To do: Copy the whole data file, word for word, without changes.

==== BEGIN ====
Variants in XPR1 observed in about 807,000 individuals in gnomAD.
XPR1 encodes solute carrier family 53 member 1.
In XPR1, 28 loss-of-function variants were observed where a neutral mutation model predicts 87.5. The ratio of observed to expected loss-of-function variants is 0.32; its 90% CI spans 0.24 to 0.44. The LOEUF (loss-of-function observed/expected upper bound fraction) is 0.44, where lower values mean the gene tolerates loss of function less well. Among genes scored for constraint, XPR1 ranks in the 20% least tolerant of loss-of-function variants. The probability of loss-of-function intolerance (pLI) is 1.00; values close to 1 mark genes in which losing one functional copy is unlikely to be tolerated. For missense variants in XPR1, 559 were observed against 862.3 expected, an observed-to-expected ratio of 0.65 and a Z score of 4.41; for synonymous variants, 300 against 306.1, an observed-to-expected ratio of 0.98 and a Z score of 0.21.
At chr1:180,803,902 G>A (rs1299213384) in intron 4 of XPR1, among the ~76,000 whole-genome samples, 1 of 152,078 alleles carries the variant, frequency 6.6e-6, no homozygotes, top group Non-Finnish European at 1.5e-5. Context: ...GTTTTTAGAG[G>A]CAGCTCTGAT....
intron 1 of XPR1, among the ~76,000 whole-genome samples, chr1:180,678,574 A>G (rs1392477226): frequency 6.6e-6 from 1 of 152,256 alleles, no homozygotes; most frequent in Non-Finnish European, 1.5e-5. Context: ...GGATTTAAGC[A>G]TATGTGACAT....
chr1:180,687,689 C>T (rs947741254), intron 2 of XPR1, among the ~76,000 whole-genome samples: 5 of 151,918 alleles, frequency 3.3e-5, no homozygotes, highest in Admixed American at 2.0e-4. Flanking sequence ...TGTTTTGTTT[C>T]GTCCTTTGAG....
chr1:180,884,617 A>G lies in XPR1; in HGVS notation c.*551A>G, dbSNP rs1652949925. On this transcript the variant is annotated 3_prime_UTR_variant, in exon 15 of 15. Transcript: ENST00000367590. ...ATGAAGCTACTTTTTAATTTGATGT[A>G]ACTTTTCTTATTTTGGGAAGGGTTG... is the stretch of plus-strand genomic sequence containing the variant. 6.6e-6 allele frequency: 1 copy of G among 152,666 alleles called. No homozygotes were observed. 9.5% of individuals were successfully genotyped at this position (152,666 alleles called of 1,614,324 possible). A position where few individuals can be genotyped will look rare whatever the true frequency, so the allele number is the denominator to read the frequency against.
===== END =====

Variants in XPR1 observed in about 807,000 individuals in gnomAD.
XPR1 encodes solute carrier family 53 member 1.
In XPR1, 28 loss-of-function variants were observed where a neutral mutation model predicts 87.5. The ratio of observed to expected loss-of-function variants is 0.32; its 90% CI spans 0.24 to 0.44. The LOEUF (loss-of-function observed/expected upper bound fraction) is 0.44, where lower values mean the gene tolerates loss of function less well. Among genes scored for constraint, XPR1 ranks in the 20% least tolerant of loss-of-function variants. The probability of loss-of-function intolerance (pLI) is 1.00; values close to 1 mark genes in which losing one functional copy is unlikely to be tolerated. For missense variants in XPR1, 559 were observed against 862.3 expected, an observed-to-expected ratio of 0.65 and a Z score of 4.41; for synonymous variants, 300 against 306.1, an observed-to-expected ratio of 0.98 and a Z score of 0.21.
At chr1:180,803,902 G>A (rs1299213384) in intron 4 of XPR1, among the ~76,000 whole-genome samples, 1 of 152,078 alleles carries the variant, frequency 6.6e-6, no homozygotes, top group Non-Finnish European at 1.5e-5. Context: ...GTTTTTAGAG[G>A]CAGCTCTGAT....
intron 1 of XPR1, among the ~76,000 whole-genome samples, chr1:180,678,574 A>G (rs1392477226): frequency 6.6e-6 from 1 of 152,256 alleles, no homozygotes; most frequent in Non-Finnish European, 1.5e-5. Context: ...GGATTTAAGC[A>G]TATGTGACAT....
chr1:180,687,689 C>T (rs947741254), intron 2 of XPR1, among the ~76,000 whole-genome samples: 5 of 151,918 alleles, frequency 3.3e-5, no homozygotes, highest in Admixed American at 2.0e-4. Flanking sequence ...TGTTTTGTTT[C>T]GTCCTTTGAG....
chr1:180,884,617 A>G lies in XPR1; in HGVS notation c.*551A>G, dbSNP rs1652949925. On this transcript the variant is annotated 3_prime_UTR_variant, in exon 15 of 15. Transcript: ENST00000367590. ...ATGAAGCTACTTTTTAATTTGATGT[A>G]ACTTTTCTTATTTTGGGAAGGGTTG... is the stretch of plus-strand genomic sequence containing the variant. 6.6e-6 allele frequency: 1 copy of G among 152,666 alleles called. No homozygotes were observed. 9.5% of individuals were successfully genotyped at this position (152,666 alleles called of 1,614,324 possible). A position where few individuals can be genotyped will look rare whatever the true frequency, so the allele number is the denominator to read the frequency against.